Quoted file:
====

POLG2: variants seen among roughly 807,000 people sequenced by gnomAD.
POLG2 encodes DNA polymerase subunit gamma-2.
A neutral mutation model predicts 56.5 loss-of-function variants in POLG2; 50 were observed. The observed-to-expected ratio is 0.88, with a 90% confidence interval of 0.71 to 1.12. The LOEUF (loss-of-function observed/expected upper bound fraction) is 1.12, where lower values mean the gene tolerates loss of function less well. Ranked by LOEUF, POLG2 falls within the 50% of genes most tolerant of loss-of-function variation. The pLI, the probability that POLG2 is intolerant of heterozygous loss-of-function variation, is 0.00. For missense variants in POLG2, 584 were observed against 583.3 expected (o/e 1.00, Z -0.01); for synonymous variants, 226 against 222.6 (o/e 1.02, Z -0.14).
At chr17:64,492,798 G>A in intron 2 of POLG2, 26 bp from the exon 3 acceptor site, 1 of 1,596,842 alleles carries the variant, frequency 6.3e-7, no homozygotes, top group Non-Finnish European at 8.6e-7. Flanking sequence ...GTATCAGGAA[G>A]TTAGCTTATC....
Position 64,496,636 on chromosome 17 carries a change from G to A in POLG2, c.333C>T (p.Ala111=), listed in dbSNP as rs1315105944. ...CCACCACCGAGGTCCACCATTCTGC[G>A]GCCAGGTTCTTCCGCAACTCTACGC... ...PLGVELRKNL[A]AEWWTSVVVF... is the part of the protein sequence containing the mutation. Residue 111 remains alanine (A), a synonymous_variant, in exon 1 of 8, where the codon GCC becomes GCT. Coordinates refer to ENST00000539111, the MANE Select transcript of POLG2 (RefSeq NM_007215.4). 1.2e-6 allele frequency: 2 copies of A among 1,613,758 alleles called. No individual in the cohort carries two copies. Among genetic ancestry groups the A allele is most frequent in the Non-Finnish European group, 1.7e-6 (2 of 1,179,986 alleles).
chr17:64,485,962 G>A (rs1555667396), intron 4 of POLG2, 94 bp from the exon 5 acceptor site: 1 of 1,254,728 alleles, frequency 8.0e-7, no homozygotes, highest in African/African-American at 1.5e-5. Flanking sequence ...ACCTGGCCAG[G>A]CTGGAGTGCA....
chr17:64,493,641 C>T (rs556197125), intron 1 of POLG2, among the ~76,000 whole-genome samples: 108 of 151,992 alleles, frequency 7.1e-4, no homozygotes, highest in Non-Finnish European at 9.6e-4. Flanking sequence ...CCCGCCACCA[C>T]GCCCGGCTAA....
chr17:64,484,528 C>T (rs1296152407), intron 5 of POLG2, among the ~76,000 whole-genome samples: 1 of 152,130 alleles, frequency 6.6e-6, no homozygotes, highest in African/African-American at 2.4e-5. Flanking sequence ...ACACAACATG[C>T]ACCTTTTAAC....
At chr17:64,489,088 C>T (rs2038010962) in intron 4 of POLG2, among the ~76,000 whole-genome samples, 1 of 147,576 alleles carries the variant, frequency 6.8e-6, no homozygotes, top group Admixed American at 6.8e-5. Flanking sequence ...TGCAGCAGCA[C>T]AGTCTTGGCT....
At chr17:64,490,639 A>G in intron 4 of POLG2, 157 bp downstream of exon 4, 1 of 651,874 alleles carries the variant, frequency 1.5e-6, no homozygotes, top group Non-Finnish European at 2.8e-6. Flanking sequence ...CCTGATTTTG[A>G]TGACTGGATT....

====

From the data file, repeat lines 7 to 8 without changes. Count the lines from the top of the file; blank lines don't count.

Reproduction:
chr17:64,493,641 C>T (rs556197125), intron 1 of POLG2, among the ~76,000 whole-genome samples: 108 of 151,992 alleles, frequency 7.1e-4, no homozygotes, highest in Non-Finnish European at 9.6e-4. Flanking sequence ...CCCGCCACCA[C>T]GCCCGGCTAA....
chr17:64,484,528 C>T (rs1296152407), intron 5 of POLG2, among the ~76,000 whole-genome samples: 1 of 152,130 alleles, frequency 6.6e-6, no homozygotes, highest in African/African-American at 2.4e-5. Flanking sequence ...ACACAACATG[C>T]ACCTTTTAAC....